Thorium lasers could make nuclear cars a reality
That's right, kids. We're talking about a nuclear-powered car. Please insert maniacal laugh track.
The principle is fairly simple. The thorium would be lased to generate heat, which would then produce steam in a closed-loop system. That steam would then power a generator to produce electricity. Since it only takes a thin sheet of aluminum foil to shield the world from the weak thorium radiation and the element can't be weaponized, it's thought to be perfect for mobile power generation.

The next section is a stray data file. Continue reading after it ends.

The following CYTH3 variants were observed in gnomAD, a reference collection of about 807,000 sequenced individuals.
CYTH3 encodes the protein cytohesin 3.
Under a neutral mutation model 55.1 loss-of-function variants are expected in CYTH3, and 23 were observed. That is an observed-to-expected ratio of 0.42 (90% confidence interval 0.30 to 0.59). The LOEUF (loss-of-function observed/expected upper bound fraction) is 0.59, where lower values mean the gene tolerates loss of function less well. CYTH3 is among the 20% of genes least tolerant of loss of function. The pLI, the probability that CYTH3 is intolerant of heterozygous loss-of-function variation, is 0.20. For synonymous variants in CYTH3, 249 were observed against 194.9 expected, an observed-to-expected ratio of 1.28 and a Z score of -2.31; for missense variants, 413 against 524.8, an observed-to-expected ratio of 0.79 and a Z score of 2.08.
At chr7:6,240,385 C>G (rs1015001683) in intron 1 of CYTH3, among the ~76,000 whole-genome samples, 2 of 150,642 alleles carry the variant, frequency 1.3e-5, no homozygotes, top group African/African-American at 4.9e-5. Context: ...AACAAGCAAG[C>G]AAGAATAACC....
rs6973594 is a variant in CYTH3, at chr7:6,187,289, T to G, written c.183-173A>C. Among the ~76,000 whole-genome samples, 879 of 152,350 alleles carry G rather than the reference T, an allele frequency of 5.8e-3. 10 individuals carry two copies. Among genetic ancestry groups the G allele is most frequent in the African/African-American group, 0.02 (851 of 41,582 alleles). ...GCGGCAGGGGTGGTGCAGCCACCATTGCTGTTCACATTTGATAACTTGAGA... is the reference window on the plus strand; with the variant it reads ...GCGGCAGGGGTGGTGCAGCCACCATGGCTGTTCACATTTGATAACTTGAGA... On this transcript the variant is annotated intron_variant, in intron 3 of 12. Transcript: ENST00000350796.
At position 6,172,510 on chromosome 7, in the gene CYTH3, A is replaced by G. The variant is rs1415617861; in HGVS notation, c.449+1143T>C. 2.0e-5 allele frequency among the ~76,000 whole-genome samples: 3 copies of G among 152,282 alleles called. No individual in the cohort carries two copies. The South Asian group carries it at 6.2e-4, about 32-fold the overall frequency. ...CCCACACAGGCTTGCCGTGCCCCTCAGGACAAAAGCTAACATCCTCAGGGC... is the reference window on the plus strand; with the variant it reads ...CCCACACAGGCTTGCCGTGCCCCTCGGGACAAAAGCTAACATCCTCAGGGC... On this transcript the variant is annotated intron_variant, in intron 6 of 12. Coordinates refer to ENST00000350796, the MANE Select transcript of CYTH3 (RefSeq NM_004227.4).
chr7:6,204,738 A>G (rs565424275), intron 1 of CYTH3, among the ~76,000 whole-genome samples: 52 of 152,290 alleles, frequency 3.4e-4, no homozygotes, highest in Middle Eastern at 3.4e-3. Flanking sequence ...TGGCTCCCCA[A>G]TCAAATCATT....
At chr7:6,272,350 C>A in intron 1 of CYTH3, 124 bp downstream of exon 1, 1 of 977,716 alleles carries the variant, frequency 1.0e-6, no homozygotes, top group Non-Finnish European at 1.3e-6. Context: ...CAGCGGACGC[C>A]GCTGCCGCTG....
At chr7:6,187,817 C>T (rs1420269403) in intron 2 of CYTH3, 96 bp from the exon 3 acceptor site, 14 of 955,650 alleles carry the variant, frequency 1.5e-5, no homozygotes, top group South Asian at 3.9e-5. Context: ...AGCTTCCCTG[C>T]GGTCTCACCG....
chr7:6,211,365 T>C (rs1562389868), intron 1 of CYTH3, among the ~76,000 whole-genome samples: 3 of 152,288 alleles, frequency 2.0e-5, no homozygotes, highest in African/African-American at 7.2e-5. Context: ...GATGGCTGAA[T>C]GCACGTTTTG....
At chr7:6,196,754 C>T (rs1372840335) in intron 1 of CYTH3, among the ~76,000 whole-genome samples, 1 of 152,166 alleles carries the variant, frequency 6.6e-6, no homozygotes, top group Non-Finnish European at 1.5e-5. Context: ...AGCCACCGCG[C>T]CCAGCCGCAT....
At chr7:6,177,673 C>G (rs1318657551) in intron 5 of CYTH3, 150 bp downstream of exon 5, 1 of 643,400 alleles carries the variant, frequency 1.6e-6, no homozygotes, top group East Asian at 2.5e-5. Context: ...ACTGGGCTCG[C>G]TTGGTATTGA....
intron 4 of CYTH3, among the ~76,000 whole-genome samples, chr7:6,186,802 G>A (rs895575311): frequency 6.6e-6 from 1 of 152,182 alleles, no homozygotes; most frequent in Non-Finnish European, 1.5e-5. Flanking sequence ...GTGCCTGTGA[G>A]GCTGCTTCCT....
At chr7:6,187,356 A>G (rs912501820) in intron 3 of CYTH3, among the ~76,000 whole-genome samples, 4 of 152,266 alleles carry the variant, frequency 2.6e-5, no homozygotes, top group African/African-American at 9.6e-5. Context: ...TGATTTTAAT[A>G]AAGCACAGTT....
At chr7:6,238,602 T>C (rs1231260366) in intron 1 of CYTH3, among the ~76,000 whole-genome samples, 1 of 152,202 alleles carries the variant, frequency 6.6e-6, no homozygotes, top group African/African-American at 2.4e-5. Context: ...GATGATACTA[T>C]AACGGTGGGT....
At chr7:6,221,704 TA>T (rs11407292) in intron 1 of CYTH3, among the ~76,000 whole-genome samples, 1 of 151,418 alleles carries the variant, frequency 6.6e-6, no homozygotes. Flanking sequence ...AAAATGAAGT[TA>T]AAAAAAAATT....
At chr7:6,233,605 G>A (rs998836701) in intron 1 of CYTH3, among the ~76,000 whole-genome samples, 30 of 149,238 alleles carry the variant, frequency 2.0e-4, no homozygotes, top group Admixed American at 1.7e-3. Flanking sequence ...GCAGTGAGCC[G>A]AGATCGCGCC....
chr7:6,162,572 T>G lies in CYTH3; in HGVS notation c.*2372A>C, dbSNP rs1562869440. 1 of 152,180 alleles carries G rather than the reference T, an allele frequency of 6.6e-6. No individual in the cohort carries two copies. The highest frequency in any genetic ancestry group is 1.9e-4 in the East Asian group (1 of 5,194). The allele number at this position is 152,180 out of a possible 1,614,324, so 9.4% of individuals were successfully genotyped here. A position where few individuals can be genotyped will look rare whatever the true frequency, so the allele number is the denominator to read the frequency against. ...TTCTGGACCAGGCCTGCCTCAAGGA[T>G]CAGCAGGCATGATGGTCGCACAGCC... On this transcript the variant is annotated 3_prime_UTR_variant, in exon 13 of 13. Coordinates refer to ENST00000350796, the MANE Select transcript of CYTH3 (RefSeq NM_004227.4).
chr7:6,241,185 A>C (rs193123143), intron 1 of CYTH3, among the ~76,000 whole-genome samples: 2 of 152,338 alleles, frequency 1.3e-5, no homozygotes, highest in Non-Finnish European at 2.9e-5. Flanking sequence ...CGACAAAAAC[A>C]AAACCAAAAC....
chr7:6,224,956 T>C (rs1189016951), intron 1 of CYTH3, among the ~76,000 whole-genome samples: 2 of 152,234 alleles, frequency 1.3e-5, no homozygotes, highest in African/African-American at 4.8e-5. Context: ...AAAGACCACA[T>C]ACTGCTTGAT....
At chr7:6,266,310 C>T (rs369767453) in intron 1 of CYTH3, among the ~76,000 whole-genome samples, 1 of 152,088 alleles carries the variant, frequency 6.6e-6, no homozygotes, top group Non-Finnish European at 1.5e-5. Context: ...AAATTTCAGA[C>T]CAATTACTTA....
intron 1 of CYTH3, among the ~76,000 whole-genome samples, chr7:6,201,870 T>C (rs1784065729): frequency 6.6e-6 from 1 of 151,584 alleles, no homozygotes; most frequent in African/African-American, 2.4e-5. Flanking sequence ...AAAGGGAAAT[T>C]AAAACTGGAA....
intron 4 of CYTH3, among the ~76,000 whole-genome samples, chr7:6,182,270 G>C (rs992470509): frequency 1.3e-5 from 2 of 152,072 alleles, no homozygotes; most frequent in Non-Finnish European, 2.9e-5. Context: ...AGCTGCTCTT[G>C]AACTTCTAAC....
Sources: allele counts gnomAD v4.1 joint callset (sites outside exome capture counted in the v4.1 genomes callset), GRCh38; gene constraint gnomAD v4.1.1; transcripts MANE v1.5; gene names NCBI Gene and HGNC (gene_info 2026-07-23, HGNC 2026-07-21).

Scientists say that just eight grams of thorium could be enough to power a vehicle for somewhere around 300,000 miles of driving. If this all sounds a little far-fetched, it may pay to remember that thorium is already on automakers' radar. Cadillac introduced the thorium-powered World Thorium Fuel Concept at the 2009 Chicago Auto Show.
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